What to Know About Colon Cancer
- Florida doctor and mother of two Lauren Juyia helped discover her own stage 4 colon cancer.
- Cancer can happen to anyone, and you don’t have to be a doctor to recognize concerning symptoms in your body.
- Colon cancer, or colorectal cancer, is a type of cancer that affects your large intestine (colon) or the end of your intestine (rectum).
- Juyia, at just 38, is part of a growing population of younger people being diagnosed with colorectal cancer.
- Research published in CA: A Cancer Journal for Clinicians found the proportion of cases in people younger than 55 years old “increased from 11% in 1995 to 20% in 2019.”
For Dr. Lauren Juyia, diagnosing patients is familiar territory – but she never expected to be her own patient. Noticing some unusual and concerning symptoms led to the discovery of her own colon cancer, showing that the disease can happen to anyone.
However, Juyia says you don’t need to be a doctor to recognize symptoms and changes to your body that could lead to lifesaving treatment.Read More
“Having a background in obstetrics, we describe size by weeks of pregnancy and so I was like, ‘Oh my god, I have a 16-week-size mass.’ From experience, I could tell that this was my ovary,” she added.
Because of the mass’ growth, she figured it was likely malignant or cancerous. An ultrasound confirmed her suspicions, as it revealed she had “larger than normal masses” by her ovary.
“I had never seen anything benign, meaning not cancer, grow that fast before. So we kind of knew, deep down, that this was not going to be good, and we suspected ovarian cancer of course, because it was the ovaries being the masses,” Juyia said.
Roughly a month after discovering the masses, she underwent surgery to have them removed, which by that time had already spread to her uterus, appendix, and her abdominal area.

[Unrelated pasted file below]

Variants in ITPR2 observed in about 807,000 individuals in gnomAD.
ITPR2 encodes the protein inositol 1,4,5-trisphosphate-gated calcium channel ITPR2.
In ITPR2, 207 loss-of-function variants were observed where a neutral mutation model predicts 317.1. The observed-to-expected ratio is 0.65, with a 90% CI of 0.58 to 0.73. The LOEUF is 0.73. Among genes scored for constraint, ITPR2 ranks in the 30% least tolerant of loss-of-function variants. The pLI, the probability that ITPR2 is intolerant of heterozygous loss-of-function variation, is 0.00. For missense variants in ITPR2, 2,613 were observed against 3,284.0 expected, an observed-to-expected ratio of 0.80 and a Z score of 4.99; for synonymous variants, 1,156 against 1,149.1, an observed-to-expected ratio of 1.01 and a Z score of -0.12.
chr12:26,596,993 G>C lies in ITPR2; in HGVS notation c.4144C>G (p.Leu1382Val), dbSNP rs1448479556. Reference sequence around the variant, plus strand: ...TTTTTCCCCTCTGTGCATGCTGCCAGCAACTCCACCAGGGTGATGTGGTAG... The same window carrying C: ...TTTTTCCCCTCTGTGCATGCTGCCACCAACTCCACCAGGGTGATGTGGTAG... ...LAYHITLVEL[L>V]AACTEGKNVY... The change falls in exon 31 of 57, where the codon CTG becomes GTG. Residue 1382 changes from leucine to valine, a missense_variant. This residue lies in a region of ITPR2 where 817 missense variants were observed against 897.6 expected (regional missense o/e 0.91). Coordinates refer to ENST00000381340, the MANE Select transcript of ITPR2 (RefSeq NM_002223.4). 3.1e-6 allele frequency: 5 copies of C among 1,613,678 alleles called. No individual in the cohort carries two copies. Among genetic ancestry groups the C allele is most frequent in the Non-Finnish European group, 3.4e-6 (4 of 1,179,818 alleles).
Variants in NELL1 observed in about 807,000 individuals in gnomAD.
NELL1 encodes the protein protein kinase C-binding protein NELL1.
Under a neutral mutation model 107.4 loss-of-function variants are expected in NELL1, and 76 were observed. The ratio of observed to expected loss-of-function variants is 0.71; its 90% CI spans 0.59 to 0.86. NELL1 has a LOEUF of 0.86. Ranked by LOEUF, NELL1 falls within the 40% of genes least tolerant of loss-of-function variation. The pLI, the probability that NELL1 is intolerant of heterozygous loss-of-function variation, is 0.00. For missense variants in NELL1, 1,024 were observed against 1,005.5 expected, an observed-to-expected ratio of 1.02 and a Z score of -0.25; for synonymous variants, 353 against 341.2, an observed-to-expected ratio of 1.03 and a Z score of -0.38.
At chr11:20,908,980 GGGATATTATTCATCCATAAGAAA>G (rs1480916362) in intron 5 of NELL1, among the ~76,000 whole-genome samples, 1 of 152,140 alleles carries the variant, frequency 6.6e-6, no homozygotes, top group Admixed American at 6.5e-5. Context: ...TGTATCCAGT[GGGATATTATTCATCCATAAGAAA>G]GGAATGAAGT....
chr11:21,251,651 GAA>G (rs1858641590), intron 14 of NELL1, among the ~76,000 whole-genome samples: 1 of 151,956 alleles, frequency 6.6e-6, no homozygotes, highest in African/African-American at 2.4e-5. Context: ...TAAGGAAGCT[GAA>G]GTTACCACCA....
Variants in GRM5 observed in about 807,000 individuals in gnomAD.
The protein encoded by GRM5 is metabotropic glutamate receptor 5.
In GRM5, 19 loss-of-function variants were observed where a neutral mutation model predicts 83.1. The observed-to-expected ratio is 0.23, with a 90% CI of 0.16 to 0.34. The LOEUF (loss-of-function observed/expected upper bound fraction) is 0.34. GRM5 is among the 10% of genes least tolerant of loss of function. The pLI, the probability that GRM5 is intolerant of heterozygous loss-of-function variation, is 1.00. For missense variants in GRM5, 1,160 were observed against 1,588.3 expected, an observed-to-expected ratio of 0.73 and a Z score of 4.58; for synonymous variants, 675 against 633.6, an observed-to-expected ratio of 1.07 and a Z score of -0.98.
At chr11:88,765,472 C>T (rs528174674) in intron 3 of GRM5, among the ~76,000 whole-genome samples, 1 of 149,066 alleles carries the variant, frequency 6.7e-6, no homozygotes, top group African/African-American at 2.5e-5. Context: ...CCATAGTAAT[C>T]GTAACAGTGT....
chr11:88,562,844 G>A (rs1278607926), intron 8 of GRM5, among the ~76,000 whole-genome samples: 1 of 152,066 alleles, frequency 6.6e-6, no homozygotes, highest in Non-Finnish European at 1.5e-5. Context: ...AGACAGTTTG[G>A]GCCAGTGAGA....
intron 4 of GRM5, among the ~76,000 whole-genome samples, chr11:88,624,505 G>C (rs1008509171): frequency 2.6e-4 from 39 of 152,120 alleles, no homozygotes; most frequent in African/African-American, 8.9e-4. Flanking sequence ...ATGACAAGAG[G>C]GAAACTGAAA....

However, Juyia’s surprises were not done yet, as tests revealed rather than ovarian cancer, she was diagnosed with stage 4 colon cancer.
Even more startling for the doctor-turned-cancer-survivor, she says she never experienced any of the typical symptoms associated with colon cancer.
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Understanding Colon Cancer
Colon cancer, or colorectal cancer, is a type of cancer that affects your large intestine (colon) or the end of your intestine (rectum). It is the third-most common cancer according to the American Cancer Society in people of both genders in the United States, excluding skin cancers.
The cancer starts when abnormal lumps called polyps grow in the colon or rectum. If you don’t have these polyps removed, they can sometimes change into cancer. It takes up to 10 years for a colon polyp to become a full-blown cancer, according to SurvivorNet experts.
WATCH: Common Misconceptions About Colon Cancer.
Most colon cancers can be prevented if people are regularly screened. The screening usually involves a colonoscopy, in which a long thin tube attached to a camera is used to examine the colon and rectum. If no polyps are discovered, the next screening won’t be needed for about 10 years.
“We know that colon cancers can be prevented when polyps are found early,” Dr. Yeo told SurvivorNet. “Lowering the screening age helps somewhat with this, but access to care is a real problem,” Yeo added.
The American Gastrointestinal Association lowered the recommended initial age for a colorectal screening from 50 to 45.
A preliminary staging workup is done after diagnosis with imaging studies, such as a computed tomography (CT) scan, which can show whether the cancer has spread. If you have had surgery to remove your cancer, a pathologist will look at it under a microscope to determine your stage.
- Stage 1 cancers are those in which the tumor has only penetrated the superficial layers of the colon, and haven’t gotten into the deeper layers
- Stage 2 cancers involve the deeper layers of the colon wall
- Stage 3 cancers have spread to the lymph nodes around the colon
- Stage 4 cancers have spread to other organs, such as the liver, lungs, or peritoneal cavity (the space in your abdomen that holds your intestines, stomach, and liver)
Colon Cancer Risk Factors and Symptoms